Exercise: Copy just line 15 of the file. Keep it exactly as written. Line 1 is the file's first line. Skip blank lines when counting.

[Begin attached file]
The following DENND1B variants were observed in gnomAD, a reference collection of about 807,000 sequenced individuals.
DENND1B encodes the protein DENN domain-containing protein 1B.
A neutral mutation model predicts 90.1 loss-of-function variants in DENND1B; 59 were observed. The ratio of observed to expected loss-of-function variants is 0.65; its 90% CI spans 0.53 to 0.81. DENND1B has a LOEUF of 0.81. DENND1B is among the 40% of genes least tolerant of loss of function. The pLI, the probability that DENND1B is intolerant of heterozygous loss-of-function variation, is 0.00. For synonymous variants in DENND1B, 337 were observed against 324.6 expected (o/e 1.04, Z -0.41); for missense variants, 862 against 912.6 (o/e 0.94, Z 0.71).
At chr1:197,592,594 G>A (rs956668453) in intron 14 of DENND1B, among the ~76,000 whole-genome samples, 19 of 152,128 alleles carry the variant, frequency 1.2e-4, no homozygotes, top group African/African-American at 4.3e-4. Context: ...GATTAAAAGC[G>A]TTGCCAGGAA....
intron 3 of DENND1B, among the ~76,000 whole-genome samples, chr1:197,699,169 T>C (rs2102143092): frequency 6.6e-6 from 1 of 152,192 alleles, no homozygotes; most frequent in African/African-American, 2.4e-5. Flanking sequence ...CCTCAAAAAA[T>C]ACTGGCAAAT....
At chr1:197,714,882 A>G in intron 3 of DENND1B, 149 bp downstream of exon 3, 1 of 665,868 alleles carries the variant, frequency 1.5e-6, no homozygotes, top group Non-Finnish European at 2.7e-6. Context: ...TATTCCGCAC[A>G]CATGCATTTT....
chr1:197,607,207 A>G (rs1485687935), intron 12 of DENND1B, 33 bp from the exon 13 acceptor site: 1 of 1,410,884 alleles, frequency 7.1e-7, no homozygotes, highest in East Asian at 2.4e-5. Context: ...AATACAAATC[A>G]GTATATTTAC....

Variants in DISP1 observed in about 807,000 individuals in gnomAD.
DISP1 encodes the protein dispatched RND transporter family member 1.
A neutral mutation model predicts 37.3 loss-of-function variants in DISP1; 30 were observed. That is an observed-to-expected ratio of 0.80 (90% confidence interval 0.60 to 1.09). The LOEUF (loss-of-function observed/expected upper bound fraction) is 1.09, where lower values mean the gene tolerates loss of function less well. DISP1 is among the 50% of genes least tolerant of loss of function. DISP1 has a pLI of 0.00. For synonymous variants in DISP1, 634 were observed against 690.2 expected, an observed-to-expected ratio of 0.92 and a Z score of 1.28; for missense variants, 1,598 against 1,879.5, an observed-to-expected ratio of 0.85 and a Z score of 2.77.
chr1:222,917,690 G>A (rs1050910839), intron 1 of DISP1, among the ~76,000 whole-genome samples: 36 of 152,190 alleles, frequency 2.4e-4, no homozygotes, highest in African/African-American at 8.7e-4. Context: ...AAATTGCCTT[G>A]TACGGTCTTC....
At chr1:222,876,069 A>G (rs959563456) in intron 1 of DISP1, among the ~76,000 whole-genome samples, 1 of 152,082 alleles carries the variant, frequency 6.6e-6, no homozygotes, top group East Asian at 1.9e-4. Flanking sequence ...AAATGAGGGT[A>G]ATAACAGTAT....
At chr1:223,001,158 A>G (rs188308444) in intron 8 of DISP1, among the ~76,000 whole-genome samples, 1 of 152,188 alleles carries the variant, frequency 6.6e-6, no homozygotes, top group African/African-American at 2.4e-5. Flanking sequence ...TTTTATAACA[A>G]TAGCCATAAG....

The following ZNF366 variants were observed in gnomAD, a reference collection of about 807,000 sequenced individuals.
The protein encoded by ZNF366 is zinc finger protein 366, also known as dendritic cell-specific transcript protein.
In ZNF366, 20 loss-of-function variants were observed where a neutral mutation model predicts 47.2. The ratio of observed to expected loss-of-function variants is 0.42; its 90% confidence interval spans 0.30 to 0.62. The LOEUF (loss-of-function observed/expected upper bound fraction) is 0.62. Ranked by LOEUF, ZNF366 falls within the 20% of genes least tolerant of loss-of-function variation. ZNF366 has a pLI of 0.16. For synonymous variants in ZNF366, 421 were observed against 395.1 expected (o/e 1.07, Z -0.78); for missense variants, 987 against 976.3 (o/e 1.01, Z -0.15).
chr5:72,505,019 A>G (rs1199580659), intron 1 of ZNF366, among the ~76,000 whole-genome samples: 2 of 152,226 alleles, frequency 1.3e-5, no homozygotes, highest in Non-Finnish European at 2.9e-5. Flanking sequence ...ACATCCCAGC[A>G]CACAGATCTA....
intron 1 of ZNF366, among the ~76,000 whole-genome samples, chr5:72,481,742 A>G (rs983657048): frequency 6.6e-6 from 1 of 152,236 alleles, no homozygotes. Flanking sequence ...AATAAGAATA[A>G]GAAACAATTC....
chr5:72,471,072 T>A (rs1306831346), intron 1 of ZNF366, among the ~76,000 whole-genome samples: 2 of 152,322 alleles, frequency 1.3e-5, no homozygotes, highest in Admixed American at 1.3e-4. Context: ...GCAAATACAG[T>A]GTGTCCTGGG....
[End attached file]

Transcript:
The protein encoded by ZNF366 is zinc finger protein 366, also known as dendritic cell-specific transcript protein.